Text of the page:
I have a friend (let’s call her Kelly) who recently began the long and arduous journey of writing a book. I found out a few weeks ago when she posted something on facebook about becoming an author. I reached out to offer her my congratulations, and discovered that by “becoming an author” she meant “beginning to write a book.”
“Oh!” I said in my least disappointed voice. “Well … that’s just wonderful!” She explained that she’d written the first few pages of the first chapter. We went on from there to talk about her ideas for this book, and for the next. It was easy, in that context, to be encouraging and genuinely excited. But as I walked away from the conversation, I couldn’t help but say a quick prayer that this book that she’d announced to the world would actually happen.
Because there’s a little secret about book-writing that I’ve learned over the past few years, one that I am very careful about sharing. The secret is this: Writing your first book is incredibly hard. As you can imagine, that’s not the kind of secret that I’m eager to share with the people in my life who are considering taking the plunge into the writing world. I’m not looking to discourage anyone. But it’s kind of hard to see someone who I know and love starting along on this journey without the first clue what they’re facing.
Sure enough – the next time I saw Kelly (a week or so later) and asked her how the writing was going, we had a completely different conversation. This time she seemed deflated, overwhelmed, and ready to give up on the project entirely. Suddenly she didn’t think her writing was any good. She was afraid of the mountain of work that was waiting in front of her. She felt stuck.
I remember that feeling so well – the feeling that everything you’re trying to do is pointless and the finished product of your hours and hours of work will barely produce enough words for a picture-book and will be universally hated by anyone who ever sees it. I spent plenty of time in that place – and I’m pretty sure every other person with a book under their belt has felt the same way too.
But here’s the other secret that I’ve learned along the way – and this one is worth sharing: It’s worth it. The whole process of taking an idea out of your head and cultivating it on (virtual) paper until it is shaped into the story or argument that you’d imagined – the whole long, difficult, frustrating process is totally worth it. It’s worth it even if that book never goes to print. It’s worth it even if it isn’t a huge commercial success. Even if it’s absolute garbage and sits in a drawer and never sees the light of day, that first book you write is totally worth the time and effort it takes to write it.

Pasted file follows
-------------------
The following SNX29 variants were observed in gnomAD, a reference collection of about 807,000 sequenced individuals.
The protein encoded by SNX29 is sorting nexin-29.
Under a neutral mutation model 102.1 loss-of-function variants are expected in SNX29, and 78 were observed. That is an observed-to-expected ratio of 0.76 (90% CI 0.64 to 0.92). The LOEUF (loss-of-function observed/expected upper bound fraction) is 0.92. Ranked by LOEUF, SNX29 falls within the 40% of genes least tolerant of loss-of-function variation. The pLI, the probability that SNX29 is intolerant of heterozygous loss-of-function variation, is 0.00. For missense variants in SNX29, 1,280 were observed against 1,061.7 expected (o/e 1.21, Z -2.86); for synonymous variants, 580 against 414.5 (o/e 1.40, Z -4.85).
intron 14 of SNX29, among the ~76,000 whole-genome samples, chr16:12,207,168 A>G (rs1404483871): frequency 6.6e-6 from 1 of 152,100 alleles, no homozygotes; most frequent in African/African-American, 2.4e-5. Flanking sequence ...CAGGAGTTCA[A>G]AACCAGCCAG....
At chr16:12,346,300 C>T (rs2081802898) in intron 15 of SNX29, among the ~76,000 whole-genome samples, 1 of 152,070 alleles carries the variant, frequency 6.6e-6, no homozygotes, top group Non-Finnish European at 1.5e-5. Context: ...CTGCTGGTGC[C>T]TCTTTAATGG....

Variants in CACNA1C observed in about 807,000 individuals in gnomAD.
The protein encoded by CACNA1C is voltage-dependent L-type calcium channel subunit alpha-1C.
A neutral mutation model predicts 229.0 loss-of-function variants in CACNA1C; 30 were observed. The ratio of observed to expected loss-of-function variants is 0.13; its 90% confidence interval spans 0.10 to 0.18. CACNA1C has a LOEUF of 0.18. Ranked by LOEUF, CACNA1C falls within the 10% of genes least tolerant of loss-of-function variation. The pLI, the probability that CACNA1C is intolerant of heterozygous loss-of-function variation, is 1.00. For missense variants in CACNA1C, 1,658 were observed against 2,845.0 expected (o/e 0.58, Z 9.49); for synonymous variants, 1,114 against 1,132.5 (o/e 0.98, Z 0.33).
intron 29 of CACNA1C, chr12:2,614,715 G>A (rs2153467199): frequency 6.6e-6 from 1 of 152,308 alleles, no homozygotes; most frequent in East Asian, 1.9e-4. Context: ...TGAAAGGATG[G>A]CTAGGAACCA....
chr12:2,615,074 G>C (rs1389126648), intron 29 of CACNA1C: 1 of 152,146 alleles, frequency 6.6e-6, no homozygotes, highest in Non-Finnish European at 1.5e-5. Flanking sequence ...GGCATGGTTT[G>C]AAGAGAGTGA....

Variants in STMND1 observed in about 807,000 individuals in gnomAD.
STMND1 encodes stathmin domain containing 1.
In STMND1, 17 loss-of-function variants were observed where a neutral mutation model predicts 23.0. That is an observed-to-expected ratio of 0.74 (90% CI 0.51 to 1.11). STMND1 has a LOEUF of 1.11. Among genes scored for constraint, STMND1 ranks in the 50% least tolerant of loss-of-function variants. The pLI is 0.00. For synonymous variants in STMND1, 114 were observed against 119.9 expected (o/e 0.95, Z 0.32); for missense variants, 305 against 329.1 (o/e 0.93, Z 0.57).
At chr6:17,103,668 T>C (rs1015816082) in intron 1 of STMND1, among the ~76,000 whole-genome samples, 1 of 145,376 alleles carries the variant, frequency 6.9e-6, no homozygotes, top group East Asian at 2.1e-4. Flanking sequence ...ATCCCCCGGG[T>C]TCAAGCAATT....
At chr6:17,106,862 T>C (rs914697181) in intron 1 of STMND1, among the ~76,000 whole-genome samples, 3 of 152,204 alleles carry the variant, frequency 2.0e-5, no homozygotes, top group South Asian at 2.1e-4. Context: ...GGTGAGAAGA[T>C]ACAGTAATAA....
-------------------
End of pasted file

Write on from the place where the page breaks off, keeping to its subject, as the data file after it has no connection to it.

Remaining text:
Why? Because there is no way to learn how to write a book except to go out there and write one. You can read and study and get advice and do all the research you want, but nothing can properly prepare you for the process of sitting down at a computer, starting, continuing, and ultimately finishing a book of your own. Because the truth is that writing is a uniquely personal process. Your approach and technique will not look like anyone else’s. You have a unique combination of strengths and weaknesses. Your style, your voice – they belong only to you – and these are all things that you have to sort out for yourself.
So if you’re toying with the idea of writing a book – if that’s one of the dreams that’s in your heart, then go and do it. Don’t make excuses. Don’t wait for a “good” time. Don’t put it off. Just sit down and write the book. It’ll be hard. It might very well be one of the hardest things you do. But when you’re done you will emerge as a different (hopefully better) person – one with a set of skills, a unique voice, and incredible sense of accomplishment that you cannot develop in any other way.